The management of internal conflicts through peace support operations : a case study of UN exit from Burundi
Muithya, Joseph Mutemi
MetadataShow full item record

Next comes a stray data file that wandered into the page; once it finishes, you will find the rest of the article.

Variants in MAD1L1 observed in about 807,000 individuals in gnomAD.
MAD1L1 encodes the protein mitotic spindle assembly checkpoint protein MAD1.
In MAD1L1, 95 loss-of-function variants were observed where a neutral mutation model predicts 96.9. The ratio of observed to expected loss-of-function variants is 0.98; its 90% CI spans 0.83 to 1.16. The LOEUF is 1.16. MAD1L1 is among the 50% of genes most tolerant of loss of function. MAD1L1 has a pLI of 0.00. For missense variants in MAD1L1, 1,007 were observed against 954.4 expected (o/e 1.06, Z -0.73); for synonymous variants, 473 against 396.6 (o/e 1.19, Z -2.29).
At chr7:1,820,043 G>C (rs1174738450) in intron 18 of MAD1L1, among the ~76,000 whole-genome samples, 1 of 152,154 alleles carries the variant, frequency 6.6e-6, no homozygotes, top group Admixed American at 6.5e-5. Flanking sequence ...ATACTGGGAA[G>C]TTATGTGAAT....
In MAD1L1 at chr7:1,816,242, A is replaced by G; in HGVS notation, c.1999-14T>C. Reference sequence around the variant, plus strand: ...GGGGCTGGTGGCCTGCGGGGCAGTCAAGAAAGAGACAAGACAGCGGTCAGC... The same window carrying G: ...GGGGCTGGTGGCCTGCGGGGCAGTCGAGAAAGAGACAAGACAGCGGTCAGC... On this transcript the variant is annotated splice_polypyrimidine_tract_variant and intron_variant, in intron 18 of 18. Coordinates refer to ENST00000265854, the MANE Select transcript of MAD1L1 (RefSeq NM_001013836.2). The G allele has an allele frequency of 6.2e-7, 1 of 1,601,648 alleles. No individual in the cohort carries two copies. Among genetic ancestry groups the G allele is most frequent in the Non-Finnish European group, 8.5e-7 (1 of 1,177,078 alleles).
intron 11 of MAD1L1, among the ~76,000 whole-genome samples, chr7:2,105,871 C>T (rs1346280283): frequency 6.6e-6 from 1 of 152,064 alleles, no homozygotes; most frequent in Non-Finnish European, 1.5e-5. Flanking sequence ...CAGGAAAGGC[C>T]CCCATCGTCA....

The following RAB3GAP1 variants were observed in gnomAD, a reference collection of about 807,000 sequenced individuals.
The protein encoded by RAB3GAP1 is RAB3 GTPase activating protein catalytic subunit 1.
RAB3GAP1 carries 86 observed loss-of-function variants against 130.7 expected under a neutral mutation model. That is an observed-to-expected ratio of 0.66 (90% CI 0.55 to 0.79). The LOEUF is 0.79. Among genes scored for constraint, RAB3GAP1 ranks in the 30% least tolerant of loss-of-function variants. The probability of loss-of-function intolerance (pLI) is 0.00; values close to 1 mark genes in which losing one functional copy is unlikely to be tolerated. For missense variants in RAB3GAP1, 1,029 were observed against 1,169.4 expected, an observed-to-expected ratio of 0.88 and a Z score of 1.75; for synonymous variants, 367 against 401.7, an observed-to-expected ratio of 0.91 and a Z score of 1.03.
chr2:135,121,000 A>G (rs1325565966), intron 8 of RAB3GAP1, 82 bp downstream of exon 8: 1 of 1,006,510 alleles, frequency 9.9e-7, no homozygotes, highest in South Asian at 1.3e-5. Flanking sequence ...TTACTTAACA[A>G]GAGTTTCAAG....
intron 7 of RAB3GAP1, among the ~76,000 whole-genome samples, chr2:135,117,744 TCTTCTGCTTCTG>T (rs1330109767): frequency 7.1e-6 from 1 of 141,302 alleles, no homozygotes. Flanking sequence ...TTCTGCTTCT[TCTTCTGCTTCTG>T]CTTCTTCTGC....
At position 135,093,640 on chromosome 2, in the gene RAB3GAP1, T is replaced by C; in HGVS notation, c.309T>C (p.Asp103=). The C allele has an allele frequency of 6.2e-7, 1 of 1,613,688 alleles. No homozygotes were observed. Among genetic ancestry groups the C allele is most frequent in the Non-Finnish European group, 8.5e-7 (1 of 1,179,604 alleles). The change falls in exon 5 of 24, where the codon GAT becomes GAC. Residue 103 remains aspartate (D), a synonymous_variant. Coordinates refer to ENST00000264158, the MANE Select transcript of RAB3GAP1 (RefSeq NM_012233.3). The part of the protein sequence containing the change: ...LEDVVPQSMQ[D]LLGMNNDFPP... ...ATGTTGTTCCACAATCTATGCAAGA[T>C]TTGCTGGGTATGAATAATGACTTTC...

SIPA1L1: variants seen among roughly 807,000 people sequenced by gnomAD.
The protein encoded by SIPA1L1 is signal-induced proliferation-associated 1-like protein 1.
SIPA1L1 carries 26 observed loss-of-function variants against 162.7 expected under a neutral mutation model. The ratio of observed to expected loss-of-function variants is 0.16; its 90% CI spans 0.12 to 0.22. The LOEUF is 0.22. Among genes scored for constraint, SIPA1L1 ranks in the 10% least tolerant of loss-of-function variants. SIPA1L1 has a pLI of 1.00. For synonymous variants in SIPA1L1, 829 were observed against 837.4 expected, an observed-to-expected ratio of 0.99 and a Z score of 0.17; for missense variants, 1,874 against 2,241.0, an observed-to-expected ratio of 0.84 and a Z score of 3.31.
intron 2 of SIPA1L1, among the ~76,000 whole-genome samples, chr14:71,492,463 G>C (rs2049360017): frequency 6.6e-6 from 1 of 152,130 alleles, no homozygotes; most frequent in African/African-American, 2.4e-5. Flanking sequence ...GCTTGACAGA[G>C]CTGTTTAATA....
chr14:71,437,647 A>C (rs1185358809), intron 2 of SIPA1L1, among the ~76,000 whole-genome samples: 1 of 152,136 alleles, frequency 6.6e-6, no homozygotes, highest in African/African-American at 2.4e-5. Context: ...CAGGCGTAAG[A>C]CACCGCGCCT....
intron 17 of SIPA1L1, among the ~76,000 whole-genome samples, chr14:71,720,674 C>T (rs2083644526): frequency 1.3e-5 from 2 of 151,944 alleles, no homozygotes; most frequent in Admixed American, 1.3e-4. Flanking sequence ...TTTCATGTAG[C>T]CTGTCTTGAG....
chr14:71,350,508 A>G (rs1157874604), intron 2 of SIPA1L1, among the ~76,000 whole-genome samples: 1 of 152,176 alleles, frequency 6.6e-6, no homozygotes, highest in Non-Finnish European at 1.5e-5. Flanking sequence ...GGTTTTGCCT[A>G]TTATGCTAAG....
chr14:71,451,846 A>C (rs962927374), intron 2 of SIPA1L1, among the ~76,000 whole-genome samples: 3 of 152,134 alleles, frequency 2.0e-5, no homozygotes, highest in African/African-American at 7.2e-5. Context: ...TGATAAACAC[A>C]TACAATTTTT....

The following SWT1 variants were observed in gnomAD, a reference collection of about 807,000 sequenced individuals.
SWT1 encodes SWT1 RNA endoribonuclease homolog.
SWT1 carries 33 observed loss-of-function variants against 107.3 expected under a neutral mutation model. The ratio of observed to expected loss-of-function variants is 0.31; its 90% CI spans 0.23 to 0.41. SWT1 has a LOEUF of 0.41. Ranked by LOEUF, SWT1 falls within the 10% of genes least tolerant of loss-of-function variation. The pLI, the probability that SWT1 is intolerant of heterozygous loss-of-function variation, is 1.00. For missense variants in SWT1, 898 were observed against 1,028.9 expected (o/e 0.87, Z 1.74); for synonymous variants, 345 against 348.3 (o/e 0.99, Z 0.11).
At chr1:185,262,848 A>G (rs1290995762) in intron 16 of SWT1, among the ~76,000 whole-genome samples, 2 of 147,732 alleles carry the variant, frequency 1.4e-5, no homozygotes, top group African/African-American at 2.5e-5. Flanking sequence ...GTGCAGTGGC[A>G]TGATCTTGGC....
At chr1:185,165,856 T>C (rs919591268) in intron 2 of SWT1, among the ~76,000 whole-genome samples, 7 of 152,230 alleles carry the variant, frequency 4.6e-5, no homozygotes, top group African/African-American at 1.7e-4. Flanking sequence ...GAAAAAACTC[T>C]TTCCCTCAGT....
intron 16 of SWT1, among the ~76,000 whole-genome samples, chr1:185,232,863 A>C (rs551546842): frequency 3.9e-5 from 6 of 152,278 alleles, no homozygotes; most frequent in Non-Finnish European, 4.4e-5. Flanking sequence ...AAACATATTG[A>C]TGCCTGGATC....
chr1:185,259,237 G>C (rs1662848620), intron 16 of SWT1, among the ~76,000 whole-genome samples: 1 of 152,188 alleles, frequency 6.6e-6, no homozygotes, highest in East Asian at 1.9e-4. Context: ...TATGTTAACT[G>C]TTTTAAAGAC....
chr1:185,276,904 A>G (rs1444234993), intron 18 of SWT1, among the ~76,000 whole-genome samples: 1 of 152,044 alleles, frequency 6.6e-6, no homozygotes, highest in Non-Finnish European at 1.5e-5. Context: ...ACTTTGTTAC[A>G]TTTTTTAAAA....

This study examines the dynamics that led to the exit of the United Nation (UN) mission in Burundi. The study revolves around the theoretical framework put forth by idealists that world security can be ensured collectively through the coming together of states under the UN. The study is guided by two objectives that examine; the internal dynamics within Burundi that caused the termination and the UN mission processes that contributed to the termination. The study found out that the ONUB exit was a function of a convergence of internal political dynamics within Burundi and a rationalized calculation of UN bureaucratic process visa vis national interest which saw value in exit than in likely costs in extended stay. The study notes that the dividing line between entry and exit in a UN mission is very thin and both need be factored in at the beginning of the mission if total value is to be gained from the mission. Though the UN is emphatic on clear, credible and achievable mandates, there is little emphasis on exit through which assessment of mission success and achievement can be measured. In this study it is recommends that for the UN to have a strategy for exit from missions, exit should be planned in advance rehearsed during the mission processes and executed when time comes to exit. Secondly, when a transition comes to an end, it may be prudent to consider replacing the entire echelon of top UN mission management and additionally, since the dividing line between deployment and exit is thin, there is need to continuously build channels with other actors directly and opportunistically which could be used to ensure a smooth exit that leaves no gaps that facilitate the resurgence of conflict.